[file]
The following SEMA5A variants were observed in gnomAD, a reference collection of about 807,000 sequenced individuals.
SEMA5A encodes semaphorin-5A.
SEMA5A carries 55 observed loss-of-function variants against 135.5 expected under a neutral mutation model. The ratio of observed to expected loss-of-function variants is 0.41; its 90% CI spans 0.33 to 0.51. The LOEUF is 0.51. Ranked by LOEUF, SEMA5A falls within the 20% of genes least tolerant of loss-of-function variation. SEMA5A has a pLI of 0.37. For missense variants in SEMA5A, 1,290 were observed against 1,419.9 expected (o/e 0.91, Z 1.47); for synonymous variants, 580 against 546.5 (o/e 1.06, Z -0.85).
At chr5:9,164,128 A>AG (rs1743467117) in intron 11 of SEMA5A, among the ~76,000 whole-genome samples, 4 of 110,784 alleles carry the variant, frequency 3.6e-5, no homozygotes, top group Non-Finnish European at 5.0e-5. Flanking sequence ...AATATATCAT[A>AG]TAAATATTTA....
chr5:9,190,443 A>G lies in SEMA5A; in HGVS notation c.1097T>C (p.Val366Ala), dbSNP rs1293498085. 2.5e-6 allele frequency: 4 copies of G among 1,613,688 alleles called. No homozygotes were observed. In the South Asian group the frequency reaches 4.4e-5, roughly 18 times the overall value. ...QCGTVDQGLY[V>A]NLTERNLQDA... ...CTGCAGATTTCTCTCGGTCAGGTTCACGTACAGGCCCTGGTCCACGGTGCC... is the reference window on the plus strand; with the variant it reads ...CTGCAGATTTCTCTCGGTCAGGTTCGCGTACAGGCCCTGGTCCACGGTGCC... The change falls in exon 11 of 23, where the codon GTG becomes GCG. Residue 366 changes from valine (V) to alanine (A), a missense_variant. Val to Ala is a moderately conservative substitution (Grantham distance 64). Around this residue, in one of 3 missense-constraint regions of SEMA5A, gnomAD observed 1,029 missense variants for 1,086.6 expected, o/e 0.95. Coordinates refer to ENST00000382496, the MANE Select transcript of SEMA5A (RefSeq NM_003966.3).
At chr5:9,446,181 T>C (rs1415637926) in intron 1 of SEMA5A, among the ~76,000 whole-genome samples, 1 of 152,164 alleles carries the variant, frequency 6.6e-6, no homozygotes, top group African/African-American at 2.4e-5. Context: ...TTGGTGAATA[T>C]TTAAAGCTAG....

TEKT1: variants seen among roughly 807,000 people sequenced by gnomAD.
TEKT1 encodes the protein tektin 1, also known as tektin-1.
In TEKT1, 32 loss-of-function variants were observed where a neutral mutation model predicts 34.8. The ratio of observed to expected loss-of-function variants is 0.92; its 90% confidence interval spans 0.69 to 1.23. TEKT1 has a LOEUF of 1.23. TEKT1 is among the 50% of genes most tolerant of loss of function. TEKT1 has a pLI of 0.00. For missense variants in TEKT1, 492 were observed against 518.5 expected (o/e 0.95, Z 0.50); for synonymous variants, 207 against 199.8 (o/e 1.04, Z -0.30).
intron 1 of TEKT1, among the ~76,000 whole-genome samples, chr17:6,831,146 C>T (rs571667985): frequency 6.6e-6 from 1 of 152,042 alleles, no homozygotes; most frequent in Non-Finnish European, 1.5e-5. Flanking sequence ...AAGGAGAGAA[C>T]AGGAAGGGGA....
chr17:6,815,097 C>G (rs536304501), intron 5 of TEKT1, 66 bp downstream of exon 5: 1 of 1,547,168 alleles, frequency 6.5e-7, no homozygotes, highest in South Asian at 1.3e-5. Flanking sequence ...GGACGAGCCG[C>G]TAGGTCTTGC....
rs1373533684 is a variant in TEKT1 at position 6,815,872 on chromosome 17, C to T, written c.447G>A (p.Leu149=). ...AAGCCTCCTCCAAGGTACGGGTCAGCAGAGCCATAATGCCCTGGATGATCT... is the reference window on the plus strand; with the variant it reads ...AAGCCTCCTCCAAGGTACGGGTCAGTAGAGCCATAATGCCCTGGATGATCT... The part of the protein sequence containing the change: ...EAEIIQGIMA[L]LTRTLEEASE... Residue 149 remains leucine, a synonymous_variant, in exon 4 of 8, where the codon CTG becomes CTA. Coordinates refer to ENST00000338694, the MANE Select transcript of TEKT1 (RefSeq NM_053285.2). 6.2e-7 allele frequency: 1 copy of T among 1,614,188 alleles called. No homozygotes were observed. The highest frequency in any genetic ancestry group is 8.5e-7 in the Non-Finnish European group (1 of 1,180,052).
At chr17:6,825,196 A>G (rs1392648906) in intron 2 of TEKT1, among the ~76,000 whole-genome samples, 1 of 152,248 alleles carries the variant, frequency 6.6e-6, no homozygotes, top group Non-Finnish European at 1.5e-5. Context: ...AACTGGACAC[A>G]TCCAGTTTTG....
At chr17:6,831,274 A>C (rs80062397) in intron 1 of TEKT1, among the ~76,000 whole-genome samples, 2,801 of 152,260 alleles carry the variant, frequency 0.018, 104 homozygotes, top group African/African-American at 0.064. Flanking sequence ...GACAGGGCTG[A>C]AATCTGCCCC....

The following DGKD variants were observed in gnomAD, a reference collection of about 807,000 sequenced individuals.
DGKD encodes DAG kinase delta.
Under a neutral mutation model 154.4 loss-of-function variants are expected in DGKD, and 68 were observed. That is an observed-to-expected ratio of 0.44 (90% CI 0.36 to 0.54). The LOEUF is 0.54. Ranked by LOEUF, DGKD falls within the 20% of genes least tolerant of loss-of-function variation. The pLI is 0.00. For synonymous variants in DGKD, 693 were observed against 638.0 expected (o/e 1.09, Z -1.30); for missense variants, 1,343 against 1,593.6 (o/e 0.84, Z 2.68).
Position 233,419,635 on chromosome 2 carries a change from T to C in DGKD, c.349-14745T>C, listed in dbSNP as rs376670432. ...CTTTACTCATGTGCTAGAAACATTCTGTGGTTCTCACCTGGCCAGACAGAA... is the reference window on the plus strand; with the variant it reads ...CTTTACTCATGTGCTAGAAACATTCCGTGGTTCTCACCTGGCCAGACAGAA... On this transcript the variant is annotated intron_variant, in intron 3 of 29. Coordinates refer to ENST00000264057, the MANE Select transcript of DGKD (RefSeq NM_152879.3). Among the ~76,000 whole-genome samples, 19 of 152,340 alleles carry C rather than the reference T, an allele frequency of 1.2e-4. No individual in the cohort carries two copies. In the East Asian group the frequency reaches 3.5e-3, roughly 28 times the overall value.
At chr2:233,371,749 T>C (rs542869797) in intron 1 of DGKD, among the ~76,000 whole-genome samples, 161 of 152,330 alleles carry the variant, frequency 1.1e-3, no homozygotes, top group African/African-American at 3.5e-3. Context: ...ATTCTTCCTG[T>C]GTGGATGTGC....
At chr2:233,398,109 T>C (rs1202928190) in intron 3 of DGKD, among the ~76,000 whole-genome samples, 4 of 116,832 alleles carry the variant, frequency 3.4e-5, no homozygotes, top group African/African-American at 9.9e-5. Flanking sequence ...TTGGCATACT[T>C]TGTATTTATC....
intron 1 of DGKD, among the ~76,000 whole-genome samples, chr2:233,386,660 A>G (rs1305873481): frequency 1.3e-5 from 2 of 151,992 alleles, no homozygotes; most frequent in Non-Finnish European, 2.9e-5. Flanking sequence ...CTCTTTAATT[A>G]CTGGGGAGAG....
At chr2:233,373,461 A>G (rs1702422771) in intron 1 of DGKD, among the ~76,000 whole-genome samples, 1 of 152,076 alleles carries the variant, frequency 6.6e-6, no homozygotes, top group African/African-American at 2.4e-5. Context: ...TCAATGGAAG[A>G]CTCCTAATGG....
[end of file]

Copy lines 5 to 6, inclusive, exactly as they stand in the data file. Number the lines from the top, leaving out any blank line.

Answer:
chr5:9,190,443 A>G lies in SEMA5A; in HGVS notation c.1097T>C (p.Val366Ala), dbSNP rs1293498085. 2.5e-6 allele frequency: 4 copies of G among 1,613,688 alleles called. No homozygotes were observed. In the South Asian group the frequency reaches 4.4e-5, roughly 18 times the overall value. ...QCGTVDQGLY[V>A]NLTERNLQDA... ...CTGCAGATTTCTCTCGGTCAGGTTCACGTACAGGCCCTGGTCCACGGTGCC... is the reference window on the plus strand; with the variant it reads ...CTGCAGATTTCTCTCGGTCAGGTTCGCGTACAGGCCCTGGTCCACGGTGCC... The change falls in exon 11 of 23, where the codon GTG becomes GCG. Residue 366 changes from valine (V) to alanine (A), a missense_variant. Val to Ala is a moderately conservative substitution (Grantham distance 64). Around this residue, in one of 3 missense-constraint regions of SEMA5A, gnomAD observed 1,029 missense variants for 1,086.6 expected, o/e 0.95. Coordinates refer to ENST00000382496, the MANE Select transcript of SEMA5A (RefSeq NM_003966.3).
At chr5:9,446,181 T>C (rs1415637926) in intron 1 of SEMA5A, among the ~76,000 whole-genome samples, 1 of 152,164 alleles carries the variant, frequency 6.6e-6, no homozygotes, top group African/African-American at 2.4e-5. Context: ...TTGGTGAATA[T>C]TTAAAGCTAG....